[55])
As the HTML file is loaded, the browser will discover the applet tag and go
hunt for the
.class
file specified by the
code
value. Of course, it looks at the CLASSPATH to find out where to hunt, and if
your
.class
file isn’t in the CLASSPATH then it will give an error message on the
status line of the browser to the effect that it couldn’t find that
.class
file.

A
more graphical example

The
example above isn’t too thrilling, so let’s try adding a slightly
more interesting graphic component:

//: Applet2.java
// Easy graphics
import java.awt.*;
import java.applet.*;
 
public class Applet2 extends Applet {
  public void paint(Graphics g) {
    g.drawString("Second applet", 10, 15);
    g.draw3DRect(0, 0, 100, 20, true);
  }
} ///:~ 

This
puts a box around the string. Of course, all the numbers are hard-coded and are
based on pixels, so on some machines the box will fit nicely around the string
and on others it will probably be off, because fonts will be different on
different machines.

There
are other interesting things you can find in the documentation for the
Graphic
class.
Any sort of graphics activity is usually entertaining, so further experiments
of this sort are left to the reader.

Demonstrating

the
framework methods

//: Applet3.java
// Shows init(), start() and stop() activities
import java.awt.*;
import java.applet.*;
 
public class Applet3 extends Applet {
  String s;
  int inits = 0;
  int starts = 0;
  int stops = 0;
  public void init() { inits++; }
  public void start() { starts++; }
  public void stop() { stops++; }
  public void paint(Graphics g) {
    s = "inits: " + inits +
      ", starts: " + starts +
      ", stops: " + stops;
    g.drawString(s, 10, 10);
  }
} ///:~ 

Normally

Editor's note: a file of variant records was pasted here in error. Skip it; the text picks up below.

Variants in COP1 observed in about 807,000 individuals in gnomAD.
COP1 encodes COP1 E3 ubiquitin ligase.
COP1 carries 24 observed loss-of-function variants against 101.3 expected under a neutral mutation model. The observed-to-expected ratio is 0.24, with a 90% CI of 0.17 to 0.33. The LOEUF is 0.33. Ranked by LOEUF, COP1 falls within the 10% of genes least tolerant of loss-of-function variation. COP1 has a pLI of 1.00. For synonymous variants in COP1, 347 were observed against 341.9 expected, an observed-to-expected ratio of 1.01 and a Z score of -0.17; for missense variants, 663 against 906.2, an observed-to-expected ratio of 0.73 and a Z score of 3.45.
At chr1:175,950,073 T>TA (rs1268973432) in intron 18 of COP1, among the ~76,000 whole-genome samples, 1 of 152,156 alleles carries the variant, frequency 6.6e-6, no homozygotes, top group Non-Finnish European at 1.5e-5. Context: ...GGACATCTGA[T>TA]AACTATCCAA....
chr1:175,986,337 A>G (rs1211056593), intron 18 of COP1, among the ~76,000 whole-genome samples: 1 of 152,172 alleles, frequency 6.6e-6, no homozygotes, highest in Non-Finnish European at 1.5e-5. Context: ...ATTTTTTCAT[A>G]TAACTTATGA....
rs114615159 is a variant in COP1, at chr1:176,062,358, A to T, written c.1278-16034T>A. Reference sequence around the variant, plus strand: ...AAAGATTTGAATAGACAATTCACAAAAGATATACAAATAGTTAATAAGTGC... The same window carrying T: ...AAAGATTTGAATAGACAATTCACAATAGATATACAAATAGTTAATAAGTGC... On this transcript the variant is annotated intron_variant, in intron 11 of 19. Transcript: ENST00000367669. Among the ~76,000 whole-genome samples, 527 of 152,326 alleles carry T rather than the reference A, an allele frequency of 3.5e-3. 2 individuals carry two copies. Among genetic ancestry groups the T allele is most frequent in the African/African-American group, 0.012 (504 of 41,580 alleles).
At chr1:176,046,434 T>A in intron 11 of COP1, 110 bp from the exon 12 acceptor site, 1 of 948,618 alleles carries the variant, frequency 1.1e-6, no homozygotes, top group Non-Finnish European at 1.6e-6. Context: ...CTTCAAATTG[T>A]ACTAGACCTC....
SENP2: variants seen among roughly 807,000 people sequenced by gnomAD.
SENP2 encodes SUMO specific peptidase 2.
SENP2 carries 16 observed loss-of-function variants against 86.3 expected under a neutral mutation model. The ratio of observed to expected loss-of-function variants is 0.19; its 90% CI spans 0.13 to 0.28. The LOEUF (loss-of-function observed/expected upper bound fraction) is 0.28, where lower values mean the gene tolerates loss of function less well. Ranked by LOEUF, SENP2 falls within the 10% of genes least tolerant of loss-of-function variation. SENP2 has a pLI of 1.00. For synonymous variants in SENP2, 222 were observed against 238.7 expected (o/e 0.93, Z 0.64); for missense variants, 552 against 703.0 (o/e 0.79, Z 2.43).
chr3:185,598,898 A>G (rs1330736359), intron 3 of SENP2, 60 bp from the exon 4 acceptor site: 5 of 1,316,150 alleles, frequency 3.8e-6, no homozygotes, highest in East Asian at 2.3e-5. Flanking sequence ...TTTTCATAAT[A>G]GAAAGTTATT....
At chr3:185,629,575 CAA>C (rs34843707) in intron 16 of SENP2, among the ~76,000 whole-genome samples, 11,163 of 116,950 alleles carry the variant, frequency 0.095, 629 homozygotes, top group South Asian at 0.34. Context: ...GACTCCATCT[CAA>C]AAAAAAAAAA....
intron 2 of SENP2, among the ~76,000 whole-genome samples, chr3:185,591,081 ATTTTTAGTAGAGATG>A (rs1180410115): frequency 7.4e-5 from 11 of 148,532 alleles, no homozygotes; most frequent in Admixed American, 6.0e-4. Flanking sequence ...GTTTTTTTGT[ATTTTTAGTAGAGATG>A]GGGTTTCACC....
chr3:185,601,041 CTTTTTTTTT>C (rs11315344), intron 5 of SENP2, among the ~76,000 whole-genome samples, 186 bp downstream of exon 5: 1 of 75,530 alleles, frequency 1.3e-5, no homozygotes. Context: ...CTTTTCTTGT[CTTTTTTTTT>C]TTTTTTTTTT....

when you override a method you’ll want to look to see whether you need to
call the base-class version of that method, in case it does something
important. For example, with
init( )
you might need to call
super.init( ).
However, the
Applet
documentation specifically states that the
init( ),
start( ),
and
stop( )
methods in
Applet
do nothing, so it’s not necessary to call them here.

When
you experiment with this applet you’ll discover that if you minimize the
Web browser or cover it up with another window you might not get calls to
stop( )
and
start( ).
(This
behavior seems to vary among implementations; you might wish to contrast the
behavior of Web browsers with that of applet viewers.) The only time the calls
will occur is when you move to a different Web page and then come back to the
one containing the applet.


[54]
It is assumed that the reader is familiar with the basics of HTML. It’s
not too hard to figure out, and there are lots of books and resources.

[55]
Because the appletviewer ignores everything but APPLET tags, you can put those
tags in the Java source file as comments:

//
<applet code=MyApplet.class width=200 height=100></applet>

This
way, you can run ”
appletviewer
MyApplet.java

and you don’t need to create tiny HTML files to run tests.